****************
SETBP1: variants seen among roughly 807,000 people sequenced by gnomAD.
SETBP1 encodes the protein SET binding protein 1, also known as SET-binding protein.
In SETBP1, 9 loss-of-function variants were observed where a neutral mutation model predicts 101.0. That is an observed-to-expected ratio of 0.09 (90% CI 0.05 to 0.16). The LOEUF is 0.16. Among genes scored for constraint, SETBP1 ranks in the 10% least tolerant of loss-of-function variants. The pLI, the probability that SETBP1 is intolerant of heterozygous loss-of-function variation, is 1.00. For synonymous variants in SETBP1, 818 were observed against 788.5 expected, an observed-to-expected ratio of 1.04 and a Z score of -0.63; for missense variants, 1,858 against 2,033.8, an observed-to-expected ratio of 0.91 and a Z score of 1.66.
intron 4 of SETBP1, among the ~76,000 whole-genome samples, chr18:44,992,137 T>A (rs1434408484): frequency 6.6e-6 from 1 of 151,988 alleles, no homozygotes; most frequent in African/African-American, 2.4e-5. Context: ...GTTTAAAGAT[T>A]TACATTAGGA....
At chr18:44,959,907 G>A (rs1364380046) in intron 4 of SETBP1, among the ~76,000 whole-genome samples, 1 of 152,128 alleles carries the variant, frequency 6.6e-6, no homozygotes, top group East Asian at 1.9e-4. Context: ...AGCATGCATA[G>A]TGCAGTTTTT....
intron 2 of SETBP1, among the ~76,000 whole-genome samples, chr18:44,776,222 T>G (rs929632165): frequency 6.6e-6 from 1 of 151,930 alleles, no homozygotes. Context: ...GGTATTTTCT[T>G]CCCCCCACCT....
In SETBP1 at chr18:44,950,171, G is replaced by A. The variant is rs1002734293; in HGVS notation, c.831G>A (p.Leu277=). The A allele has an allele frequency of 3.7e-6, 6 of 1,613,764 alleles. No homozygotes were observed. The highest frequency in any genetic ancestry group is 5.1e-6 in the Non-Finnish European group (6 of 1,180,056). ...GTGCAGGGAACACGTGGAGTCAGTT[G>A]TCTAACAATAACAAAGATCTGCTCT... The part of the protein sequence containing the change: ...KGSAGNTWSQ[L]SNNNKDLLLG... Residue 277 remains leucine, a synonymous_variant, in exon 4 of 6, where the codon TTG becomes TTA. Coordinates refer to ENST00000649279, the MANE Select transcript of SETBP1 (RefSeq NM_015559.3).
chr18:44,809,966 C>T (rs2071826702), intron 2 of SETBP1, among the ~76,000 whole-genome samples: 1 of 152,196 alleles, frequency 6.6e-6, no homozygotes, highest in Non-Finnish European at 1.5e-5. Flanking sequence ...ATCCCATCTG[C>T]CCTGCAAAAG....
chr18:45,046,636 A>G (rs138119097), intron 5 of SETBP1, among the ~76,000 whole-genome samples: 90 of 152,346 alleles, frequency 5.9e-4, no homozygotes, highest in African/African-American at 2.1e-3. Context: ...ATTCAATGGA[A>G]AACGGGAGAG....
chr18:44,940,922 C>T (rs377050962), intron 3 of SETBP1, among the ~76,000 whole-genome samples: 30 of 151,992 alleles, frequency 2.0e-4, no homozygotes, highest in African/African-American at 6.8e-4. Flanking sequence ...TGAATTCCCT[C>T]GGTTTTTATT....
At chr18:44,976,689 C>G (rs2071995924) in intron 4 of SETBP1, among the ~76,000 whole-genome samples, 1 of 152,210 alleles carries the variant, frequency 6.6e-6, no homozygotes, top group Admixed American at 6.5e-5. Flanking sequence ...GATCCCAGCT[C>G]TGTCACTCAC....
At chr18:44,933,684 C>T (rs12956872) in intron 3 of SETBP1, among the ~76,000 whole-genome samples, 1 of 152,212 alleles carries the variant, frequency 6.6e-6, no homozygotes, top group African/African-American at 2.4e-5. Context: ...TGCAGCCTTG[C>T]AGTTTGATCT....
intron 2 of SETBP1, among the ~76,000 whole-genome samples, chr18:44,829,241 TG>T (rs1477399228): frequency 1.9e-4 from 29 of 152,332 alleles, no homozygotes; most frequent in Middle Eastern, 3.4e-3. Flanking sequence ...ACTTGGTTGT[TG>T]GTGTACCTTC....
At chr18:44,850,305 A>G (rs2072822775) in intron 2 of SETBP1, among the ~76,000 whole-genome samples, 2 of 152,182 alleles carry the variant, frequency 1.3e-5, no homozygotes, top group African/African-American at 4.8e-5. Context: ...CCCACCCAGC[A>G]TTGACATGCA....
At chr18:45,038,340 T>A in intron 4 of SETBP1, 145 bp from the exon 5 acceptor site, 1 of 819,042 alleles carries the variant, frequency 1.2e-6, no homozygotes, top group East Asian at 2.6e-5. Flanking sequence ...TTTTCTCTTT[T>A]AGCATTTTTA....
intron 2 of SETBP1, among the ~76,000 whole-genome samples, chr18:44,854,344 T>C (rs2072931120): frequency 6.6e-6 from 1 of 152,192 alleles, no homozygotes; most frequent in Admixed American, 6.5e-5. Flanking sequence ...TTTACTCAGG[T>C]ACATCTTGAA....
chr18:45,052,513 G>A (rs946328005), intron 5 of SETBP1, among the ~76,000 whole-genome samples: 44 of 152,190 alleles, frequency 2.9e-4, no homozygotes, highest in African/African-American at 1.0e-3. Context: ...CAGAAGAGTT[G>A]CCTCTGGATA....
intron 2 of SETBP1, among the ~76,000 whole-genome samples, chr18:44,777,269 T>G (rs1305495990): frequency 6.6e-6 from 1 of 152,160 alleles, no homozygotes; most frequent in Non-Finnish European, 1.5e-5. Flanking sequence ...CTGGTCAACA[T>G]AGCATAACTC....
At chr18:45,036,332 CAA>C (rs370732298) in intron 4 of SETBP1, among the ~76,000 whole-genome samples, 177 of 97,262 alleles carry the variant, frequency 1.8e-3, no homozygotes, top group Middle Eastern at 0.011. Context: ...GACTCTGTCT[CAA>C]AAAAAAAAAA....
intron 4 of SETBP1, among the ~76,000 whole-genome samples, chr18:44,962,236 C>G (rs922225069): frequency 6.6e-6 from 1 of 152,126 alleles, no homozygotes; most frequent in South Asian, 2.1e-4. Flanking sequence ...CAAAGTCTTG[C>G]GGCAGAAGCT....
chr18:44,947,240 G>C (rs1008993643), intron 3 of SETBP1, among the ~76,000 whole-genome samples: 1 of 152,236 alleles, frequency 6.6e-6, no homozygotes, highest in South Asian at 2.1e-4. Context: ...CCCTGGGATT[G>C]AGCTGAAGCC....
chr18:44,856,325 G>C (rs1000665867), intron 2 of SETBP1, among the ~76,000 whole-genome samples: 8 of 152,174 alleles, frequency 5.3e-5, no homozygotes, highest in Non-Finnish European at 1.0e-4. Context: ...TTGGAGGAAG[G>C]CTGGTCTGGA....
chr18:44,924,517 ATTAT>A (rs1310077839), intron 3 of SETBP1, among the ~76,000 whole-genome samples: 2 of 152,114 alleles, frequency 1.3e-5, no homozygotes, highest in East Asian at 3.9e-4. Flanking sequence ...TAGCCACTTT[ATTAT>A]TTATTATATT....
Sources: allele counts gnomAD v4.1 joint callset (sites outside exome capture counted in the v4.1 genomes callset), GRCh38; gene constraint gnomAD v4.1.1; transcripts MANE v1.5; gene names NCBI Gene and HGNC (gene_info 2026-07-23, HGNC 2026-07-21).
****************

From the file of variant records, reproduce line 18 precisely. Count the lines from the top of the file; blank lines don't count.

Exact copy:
intron 2 of SETBP1, among the ~76,000 whole-genome samples, chr18:44,777,269 T>G (rs1305495990): frequency 6.6e-6 from 1 of 152,160 alleles, no homozygotes; most frequent in Non-Finnish European, 1.5e-5. Flanking sequence ...CTGGTCAACA[T>G]AGCATAACTC....